Splinter took a look at the shimmering Moongate and then stepped into the blue light. The Moongates had been around his entire life, but his Father had told him stories about the days before the mysterious rocks fell from the sky and made the portals between distant parts of the land. How brave the first traveler must have been to step into the light not knowing where they would emerge. According to legend, originally the gates were unstable and one could end up almost anywhere. In time, powerful Mages had cast a series of spells to stabilize the gates and now the destination was easily selected by thinking of the desired destination. Of course the destination had to match one of the opposing gates and if the person was weak from battle or distracted the gate would not transport them. However, most of the time travel was certain and safe.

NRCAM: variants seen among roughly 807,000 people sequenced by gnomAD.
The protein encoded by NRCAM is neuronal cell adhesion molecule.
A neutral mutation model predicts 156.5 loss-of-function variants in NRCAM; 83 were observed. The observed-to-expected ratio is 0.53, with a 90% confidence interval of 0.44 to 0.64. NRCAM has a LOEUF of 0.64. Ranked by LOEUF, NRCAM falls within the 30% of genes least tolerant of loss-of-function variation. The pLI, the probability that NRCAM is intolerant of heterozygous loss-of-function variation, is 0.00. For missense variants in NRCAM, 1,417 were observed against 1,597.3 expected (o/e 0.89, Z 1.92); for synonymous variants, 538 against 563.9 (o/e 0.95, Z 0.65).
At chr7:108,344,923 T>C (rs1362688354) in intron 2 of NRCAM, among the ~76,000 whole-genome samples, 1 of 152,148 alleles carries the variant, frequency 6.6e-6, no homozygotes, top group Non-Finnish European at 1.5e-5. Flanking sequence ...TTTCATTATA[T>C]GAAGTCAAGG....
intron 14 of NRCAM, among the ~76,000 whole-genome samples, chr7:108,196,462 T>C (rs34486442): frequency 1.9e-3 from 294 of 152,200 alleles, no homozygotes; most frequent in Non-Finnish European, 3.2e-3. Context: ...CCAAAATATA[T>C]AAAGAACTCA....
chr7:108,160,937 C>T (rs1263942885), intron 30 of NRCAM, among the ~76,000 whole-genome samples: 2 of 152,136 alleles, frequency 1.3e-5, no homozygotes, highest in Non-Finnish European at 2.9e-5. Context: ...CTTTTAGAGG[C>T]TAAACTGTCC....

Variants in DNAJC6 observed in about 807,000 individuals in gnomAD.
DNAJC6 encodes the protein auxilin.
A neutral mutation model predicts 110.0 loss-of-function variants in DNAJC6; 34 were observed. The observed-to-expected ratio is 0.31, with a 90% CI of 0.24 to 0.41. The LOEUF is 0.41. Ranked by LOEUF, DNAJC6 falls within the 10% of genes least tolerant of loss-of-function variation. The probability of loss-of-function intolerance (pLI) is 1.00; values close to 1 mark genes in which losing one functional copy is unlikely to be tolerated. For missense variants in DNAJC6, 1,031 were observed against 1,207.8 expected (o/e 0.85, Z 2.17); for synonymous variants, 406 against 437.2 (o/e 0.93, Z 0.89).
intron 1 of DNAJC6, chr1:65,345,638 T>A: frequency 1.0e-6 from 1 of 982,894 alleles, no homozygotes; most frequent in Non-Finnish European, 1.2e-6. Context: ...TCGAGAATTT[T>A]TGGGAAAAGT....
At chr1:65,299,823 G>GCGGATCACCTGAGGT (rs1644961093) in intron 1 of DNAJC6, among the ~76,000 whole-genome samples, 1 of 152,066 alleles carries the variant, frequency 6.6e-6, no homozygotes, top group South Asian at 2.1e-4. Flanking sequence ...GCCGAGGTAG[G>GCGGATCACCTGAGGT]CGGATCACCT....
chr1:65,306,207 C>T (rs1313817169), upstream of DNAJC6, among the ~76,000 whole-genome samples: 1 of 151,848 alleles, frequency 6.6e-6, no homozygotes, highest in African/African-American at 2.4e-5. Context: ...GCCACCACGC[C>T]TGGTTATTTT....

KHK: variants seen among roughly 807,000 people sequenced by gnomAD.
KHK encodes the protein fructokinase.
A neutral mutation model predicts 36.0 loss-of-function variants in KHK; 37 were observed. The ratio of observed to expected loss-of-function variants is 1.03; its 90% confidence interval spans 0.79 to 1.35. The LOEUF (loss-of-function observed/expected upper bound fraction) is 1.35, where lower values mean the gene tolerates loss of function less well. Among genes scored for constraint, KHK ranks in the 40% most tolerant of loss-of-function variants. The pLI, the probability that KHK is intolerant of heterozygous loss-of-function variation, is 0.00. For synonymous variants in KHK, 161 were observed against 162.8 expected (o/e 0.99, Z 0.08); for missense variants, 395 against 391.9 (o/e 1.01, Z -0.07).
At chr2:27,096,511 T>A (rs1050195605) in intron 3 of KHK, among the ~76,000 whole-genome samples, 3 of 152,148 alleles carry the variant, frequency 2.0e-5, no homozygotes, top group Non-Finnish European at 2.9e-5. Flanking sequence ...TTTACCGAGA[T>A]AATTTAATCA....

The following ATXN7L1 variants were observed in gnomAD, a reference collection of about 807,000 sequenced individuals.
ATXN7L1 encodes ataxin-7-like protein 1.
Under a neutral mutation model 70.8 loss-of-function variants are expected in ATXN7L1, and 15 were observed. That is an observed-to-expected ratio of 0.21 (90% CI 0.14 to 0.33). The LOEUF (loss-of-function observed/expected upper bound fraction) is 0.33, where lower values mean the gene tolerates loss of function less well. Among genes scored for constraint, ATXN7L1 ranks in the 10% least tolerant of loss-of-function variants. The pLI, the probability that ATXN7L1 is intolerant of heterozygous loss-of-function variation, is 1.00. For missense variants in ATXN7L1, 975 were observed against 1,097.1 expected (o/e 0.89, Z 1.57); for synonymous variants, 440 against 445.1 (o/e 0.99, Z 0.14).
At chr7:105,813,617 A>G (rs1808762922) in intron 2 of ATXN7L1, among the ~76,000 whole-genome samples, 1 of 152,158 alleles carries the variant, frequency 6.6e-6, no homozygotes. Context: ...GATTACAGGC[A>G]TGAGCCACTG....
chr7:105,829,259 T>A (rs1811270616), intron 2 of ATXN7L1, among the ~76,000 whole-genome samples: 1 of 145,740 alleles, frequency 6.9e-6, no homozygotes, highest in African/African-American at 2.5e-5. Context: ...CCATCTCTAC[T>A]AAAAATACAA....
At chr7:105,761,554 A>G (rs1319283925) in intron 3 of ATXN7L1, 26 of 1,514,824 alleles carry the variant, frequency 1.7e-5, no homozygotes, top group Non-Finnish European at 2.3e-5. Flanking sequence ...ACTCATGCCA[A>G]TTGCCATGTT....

Immediately appearing at the Compassion Moongate in Ilshenar, Splinter pulled a bolt from his quiver and fitted it to his crossbow. A momentary increase in the intensity of the gate indicated the arrival of Feradrim and both set off to the South East making their way towards an area known as Daemon Alley.
There was some peril on the way as Ratman Archers and Mages would lay in ambush and at times bands of Brigands would also attack from behind the rocks. Splinter and Feradrim were powerful foes to these lesser fighters and while some were foolish enough to attack, most stayed hidden. Soon they spotted the Gypsy camp that signaled the entrance to the main Deamon spawn area.
There had always been speculation about why the Deamons chose this one spot on the surface while most of their brothers would lurk below in the dark dungeons scattered across Britannia. While there were other spots Deamons would congregate above ground, this location was notable for the Paragon Daemons that would appear and attack without mercy. Even on horseback it could be difficult to outrun these ferocious beasts. Feradrim was grateful to have Splinter as his companion. If they met with a Paragon, they had a greater chance of survival fighting together.